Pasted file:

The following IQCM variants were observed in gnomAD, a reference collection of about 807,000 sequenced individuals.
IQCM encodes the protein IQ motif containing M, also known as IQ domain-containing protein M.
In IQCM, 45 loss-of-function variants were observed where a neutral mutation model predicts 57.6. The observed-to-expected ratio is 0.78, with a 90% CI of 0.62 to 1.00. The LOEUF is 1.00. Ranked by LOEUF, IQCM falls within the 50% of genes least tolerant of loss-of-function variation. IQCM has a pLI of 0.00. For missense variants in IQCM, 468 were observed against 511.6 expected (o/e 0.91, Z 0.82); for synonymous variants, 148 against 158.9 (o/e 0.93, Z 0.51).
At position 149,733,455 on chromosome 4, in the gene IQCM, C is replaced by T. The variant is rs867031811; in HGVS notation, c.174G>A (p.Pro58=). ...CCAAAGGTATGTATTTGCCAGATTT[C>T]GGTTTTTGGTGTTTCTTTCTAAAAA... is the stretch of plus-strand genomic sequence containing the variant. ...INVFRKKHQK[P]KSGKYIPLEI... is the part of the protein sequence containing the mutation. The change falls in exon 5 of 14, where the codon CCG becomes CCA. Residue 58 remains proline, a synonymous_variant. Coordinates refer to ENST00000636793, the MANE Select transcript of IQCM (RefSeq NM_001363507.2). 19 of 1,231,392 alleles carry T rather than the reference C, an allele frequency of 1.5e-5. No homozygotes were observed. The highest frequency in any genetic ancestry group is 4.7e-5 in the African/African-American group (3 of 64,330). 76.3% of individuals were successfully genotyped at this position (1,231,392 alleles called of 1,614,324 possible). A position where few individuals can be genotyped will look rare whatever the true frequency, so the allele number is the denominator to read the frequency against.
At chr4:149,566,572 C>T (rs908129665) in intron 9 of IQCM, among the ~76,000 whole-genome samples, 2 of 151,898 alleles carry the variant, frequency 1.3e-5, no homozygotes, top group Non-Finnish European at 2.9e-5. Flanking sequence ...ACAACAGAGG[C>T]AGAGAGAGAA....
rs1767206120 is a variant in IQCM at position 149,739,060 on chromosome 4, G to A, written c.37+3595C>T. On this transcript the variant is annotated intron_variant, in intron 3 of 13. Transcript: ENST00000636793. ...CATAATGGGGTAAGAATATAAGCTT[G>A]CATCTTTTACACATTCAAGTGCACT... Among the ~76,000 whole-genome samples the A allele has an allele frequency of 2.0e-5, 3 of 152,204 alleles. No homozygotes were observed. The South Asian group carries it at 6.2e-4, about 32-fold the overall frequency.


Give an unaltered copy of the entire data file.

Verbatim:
The following IQCM variants were observed in gnomAD, a reference collection of about 807,000 sequenced individuals.
IQCM encodes the protein IQ motif containing M, also known as IQ domain-containing protein M.
In IQCM, 45 loss-of-function variants were observed where a neutral mutation model predicts 57.6. The observed-to-expected ratio is 0.78, with a 90% CI of 0.62 to 1.00. The LOEUF is 1.00. Ranked by LOEUF, IQCM falls within the 50% of genes least tolerant of loss-of-function variation. IQCM has a pLI of 0.00. For missense variants in IQCM, 468 were observed against 511.6 expected (o/e 0.91, Z 0.82); for synonymous variants, 148 against 158.9 (o/e 0.93, Z 0.51).
At position 149,733,455 on chromosome 4, in the gene IQCM, C is replaced by T. The variant is rs867031811; in HGVS notation, c.174G>A (p.Pro58=). ...CCAAAGGTATGTATTTGCCAGATTT[C>T]GGTTTTTGGTGTTTCTTTCTAAAAA... is the stretch of plus-strand genomic sequence containing the variant. ...INVFRKKHQK[P]KSGKYIPLEI... is the part of the protein sequence containing the mutation. The change falls in exon 5 of 14, where the codon CCG becomes CCA. Residue 58 remains proline, a synonymous_variant. Coordinates refer to ENST00000636793, the MANE Select transcript of IQCM (RefSeq NM_001363507.2). 19 of 1,231,392 alleles carry T rather than the reference C, an allele frequency of 1.5e-5. No homozygotes were observed. The highest frequency in any genetic ancestry group is 4.7e-5 in the African/African-American group (3 of 64,330). 76.3% of individuals were successfully genotyped at this position (1,231,392 alleles called of 1,614,324 possible). A position where few individuals can be genotyped will look rare whatever the true frequency, so the allele number is the denominator to read the frequency against.
At chr4:149,566,572 C>T (rs908129665) in intron 9 of IQCM, among the ~76,000 whole-genome samples, 2 of 151,898 alleles carry the variant, frequency 1.3e-5, no homozygotes, top group Non-Finnish European at 2.9e-5. Flanking sequence ...ACAACAGAGG[C>T]AGAGAGAGAA....
rs1767206120 is a variant in IQCM at position 149,739,060 on chromosome 4, G to A, written c.37+3595C>T. On this transcript the variant is annotated intron_variant, in intron 3 of 13. Transcript: ENST00000636793. ...CATAATGGGGTAAGAATATAAGCTT[G>A]CATCTTTTACACATTCAAGTGCACT... Among the ~76,000 whole-genome samples the A allele has an allele frequency of 2.0e-5, 3 of 152,204 alleles. No homozygotes were observed. The South Asian group carries it at 6.2e-4, about 32-fold the overall frequency.